Political Notes: Ups, Downs, and In-betweens
Former Savannah mayor wins special election, former Georgia Supreme Court chief justice goes to law school, remembering Max Cleland and more.
In Memoriam: More than half a century after a live grenade severely injured him in the Vietnam war, former U.S. Sen. Max Cleland died in November at the age of 79. An Atlanta native, he served Georgia in several capacities including state senator and secretary of state. His roles in the federal government included heading the Veterans Administration under former President Jimmy Carter and being elected to the U.S. Senate in 1996. He received both the Silver and Bronze stars for the Army service that cost him three limbs. In a statement, President Joe Biden, who served with Cleland in the Senate, called him “a lifelong champion of the dignity and rights of working people and America’s wounded veterans.”
Jackson Wins: Former Savannah Mayor Edna Jackson, a Democrat, won a special election to complete the term of the late State Rep. Mickey Stephens (D-Savannah) and was sworn in as House District 165 representative in time to participate in the special November redistricting session of the General Assembly. Jackson, 77, who won with more than 53% of the vote, has said she will not run for another term, but hopes to encourage younger candidates.
Beck Sentenced: Former Georgia Insurance Commissioner Jim Beck received a sentence of 87 months in federal prison following his conviction earlier this year for embezzling some $2.6 million from an underwriting association he managed from 2012 to 2018. He has also been ordered to pay restitution. He has appealed.
Beck was elected insurance commissioner in 2018 but served only a few months before he was removed. He was replaced by Commissioner John King, who was appointed by Gov. Brian Kemp.
The state of Georgia has settled a whistleblower lawsuit brought by three insurance department employees who said Beck fired them for providing information to a reporter about his activities. The three will split $870,00 from the state.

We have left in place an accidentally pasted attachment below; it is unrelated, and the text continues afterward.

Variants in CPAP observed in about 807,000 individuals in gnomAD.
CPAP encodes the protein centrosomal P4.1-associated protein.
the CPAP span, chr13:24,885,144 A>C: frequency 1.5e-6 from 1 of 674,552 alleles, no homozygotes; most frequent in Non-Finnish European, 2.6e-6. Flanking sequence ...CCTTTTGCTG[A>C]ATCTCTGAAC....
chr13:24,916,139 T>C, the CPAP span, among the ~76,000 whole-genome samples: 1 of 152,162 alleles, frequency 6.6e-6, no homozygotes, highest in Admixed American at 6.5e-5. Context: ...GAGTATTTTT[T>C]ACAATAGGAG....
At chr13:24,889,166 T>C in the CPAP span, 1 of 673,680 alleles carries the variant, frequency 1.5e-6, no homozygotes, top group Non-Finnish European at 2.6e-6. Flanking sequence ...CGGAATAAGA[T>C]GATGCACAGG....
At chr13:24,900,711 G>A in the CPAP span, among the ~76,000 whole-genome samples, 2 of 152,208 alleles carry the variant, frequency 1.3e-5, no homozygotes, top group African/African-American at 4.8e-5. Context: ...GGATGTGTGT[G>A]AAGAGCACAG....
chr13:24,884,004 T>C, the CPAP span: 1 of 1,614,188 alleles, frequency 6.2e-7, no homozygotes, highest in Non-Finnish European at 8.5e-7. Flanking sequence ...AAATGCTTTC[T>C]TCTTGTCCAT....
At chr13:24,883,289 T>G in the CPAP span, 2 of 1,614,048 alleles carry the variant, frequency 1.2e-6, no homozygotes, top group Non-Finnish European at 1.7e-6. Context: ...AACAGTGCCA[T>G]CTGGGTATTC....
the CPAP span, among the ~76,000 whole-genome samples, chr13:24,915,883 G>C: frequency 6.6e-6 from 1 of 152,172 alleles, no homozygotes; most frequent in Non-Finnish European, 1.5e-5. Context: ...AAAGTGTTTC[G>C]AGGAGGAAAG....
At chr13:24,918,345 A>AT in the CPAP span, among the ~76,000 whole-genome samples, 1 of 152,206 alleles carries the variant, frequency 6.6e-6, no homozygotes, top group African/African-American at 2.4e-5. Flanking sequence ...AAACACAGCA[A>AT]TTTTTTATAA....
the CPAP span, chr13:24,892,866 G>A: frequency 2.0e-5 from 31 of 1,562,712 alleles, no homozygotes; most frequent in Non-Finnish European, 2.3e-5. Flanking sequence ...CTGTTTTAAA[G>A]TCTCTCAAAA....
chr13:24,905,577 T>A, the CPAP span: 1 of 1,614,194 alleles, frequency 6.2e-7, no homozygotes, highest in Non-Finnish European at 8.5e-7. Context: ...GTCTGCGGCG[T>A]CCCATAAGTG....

New Kemp Staffer: Brad Bohannon, formerly vice president of government affairs at the Georgia Lottery and a one-time chief of staff to former Republican Congressman Lynn Westmoreland, has joined Gov. Kemp’s staff as director of government affairs and policy. Lauren Curry, who previously held that position, is now the governor’s chief operating officer.
Melton Returns to School: Harold Melton, former chief justice of the Georgia Supreme Court, has been named to the Carl E. Sanders Chair in Public Leadership at the University of Georgia (UGA) School of Law, where he received his law degree. He will teach a seminar in the spring semester. Melton joined the state Supreme Court in 2005 and served as chief justice from 2018 until he stepped down this year. David Nahmias succeeded him as chief justice.
Solicitor General Appointed: Attorney Stephen Petramy became Georgia’s solicitor general in November. He will oversee appellate and multistate litigation in state and federal courts for the Department of Law. Petramy was previously an attorney with Jones Day in Washington, D.C., and a law clerk for U.S. Supreme Court Justice Samuel Alito. He earned his law degree at Yale Law School.
USG Foundation Award: Gov. Kemp received the Eldridge McMillan Lifetime Achievement Award from the University System of Georgia Foundation in recognition of his service to public education. It is the foundation’s highest award.
Alford Pleads Guilty: A former member of the USG Board of Regents, Clarence Dean Alford, pleaded guilty to racketeering, according to the state attorney general’s office. Alford was sentenced by Chief Superior Court Judge Robert F. Mumford to 15 years and will serve eight years in prison and the rest on probation, during which time he may not do any business with the state. Alford is alleged to have exploited a financial services industry practice called factoring, in which a business may sell accounts receivable to a third party at a discount. The attorney general’s office says his goal was to obtain some $1.7 million by selling fake accounts receivable and that he created false invoices, contracts and other documents and forged the signatures of state employees, and used his position on the board of regents to further his scheme.
Déjà Vu: Yet another lawsuit by supporters of former President Donald Trump, trying to pursue their claims of fraud in the 2020 election that gave Georgia’s electoral votes to President Joe Biden, has failed. The supporters wanted to inspect 147,000 absentee ballots from Fulton County, but Superior Court Judge Brian Amero dismissed the suit and ruled that the plaintiffs lacked standing to sue.